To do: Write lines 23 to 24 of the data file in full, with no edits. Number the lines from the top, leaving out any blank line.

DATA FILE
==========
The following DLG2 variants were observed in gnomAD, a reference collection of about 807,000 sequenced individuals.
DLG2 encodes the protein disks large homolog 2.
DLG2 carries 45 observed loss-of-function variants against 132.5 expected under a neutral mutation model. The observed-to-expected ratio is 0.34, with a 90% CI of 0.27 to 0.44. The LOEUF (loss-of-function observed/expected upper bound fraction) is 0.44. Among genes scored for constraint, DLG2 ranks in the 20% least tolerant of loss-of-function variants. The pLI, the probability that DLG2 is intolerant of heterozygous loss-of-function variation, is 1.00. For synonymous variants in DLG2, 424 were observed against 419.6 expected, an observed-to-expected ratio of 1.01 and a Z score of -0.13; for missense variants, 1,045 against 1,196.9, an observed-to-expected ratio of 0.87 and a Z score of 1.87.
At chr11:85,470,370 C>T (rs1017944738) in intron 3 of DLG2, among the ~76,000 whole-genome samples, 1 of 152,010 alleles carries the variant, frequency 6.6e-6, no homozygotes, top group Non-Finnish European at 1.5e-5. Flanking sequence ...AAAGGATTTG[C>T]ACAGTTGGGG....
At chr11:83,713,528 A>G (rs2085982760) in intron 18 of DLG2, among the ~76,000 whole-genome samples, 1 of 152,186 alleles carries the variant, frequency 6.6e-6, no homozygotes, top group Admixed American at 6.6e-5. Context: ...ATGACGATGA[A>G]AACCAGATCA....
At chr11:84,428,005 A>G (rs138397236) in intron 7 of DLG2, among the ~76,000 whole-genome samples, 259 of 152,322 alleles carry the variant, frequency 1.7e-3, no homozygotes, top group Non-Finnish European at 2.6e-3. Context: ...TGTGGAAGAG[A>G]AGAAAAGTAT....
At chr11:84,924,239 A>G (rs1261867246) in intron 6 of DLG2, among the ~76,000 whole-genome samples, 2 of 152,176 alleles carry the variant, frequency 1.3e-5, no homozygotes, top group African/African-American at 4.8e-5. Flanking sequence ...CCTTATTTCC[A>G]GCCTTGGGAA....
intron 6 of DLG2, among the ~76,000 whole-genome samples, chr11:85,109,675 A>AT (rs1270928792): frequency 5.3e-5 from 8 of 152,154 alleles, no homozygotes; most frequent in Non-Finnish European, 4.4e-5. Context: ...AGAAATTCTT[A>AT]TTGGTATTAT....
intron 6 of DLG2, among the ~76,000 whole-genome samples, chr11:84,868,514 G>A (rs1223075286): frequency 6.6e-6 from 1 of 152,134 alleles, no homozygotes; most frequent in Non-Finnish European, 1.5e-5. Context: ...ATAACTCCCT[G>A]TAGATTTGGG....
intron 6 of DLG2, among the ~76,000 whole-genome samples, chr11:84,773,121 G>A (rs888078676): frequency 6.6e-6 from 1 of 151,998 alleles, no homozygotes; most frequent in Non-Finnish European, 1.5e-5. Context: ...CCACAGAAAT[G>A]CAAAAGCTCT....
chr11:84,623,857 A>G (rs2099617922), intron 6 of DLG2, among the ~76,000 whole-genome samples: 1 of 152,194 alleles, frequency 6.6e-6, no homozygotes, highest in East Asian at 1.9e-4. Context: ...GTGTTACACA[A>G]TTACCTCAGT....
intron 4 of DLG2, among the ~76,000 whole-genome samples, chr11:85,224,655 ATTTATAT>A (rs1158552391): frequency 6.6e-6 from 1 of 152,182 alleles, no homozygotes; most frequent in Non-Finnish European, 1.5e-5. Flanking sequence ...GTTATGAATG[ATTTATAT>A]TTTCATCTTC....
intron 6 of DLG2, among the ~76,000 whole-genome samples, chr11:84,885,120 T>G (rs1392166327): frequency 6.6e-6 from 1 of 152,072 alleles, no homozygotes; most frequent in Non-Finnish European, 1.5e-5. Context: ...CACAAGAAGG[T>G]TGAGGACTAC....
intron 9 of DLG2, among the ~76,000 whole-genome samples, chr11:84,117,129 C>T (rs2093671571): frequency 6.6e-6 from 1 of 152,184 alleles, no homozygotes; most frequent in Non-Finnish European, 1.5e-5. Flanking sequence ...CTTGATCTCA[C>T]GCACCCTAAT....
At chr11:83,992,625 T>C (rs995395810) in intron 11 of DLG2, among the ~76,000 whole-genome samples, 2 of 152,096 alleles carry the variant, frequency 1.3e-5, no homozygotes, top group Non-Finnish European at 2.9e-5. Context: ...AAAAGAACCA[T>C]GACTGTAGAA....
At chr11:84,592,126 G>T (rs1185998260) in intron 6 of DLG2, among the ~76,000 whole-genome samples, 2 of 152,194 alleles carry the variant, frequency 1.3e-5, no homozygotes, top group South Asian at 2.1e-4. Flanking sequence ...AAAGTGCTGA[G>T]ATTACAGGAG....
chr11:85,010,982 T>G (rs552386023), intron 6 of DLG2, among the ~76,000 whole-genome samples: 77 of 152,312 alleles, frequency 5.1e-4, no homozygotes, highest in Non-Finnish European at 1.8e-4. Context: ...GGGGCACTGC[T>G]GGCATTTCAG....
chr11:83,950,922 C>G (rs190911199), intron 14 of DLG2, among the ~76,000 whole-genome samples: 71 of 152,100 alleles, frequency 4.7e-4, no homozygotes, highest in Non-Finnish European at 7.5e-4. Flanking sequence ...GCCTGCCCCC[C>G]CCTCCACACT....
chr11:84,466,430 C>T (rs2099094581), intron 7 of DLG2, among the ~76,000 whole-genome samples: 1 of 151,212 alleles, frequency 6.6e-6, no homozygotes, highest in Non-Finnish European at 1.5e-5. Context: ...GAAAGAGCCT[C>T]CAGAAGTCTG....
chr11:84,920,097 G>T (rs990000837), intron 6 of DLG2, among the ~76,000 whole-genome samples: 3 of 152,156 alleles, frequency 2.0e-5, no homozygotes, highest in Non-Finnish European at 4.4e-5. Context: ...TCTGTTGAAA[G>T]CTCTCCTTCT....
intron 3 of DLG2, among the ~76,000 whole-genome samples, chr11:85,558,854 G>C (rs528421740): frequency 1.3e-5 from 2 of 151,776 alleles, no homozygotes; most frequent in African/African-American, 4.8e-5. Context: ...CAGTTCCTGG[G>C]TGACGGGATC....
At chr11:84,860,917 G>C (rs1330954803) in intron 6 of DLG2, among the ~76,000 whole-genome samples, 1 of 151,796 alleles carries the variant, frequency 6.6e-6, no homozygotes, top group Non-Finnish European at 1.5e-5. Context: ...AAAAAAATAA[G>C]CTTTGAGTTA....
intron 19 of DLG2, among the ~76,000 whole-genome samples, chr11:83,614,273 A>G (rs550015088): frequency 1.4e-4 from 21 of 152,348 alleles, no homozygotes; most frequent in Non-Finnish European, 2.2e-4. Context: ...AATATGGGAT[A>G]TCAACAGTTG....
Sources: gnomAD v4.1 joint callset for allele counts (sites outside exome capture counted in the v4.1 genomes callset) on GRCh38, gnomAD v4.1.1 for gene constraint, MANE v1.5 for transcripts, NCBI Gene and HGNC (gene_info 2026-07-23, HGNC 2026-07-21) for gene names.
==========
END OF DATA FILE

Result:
intron 19 of DLG2, among the ~76,000 whole-genome samples, chr11:83,614,273 A>G (rs550015088): frequency 1.4e-4 from 21 of 152,348 alleles, no homozygotes; most frequent in Non-Finnish European, 2.2e-4. Context: ...AATATGGGAT[A>G]TCAACAGTTG....
Sources: gnomAD v4.1 joint callset for allele counts (sites outside exome capture counted in the v4.1 genomes callset) on GRCh38, gnomAD v4.1.1 for gene constraint, MANE v1.5 for transcripts, NCBI Gene and HGNC (gene_info 2026-07-23, HGNC 2026-07-21) for gene names.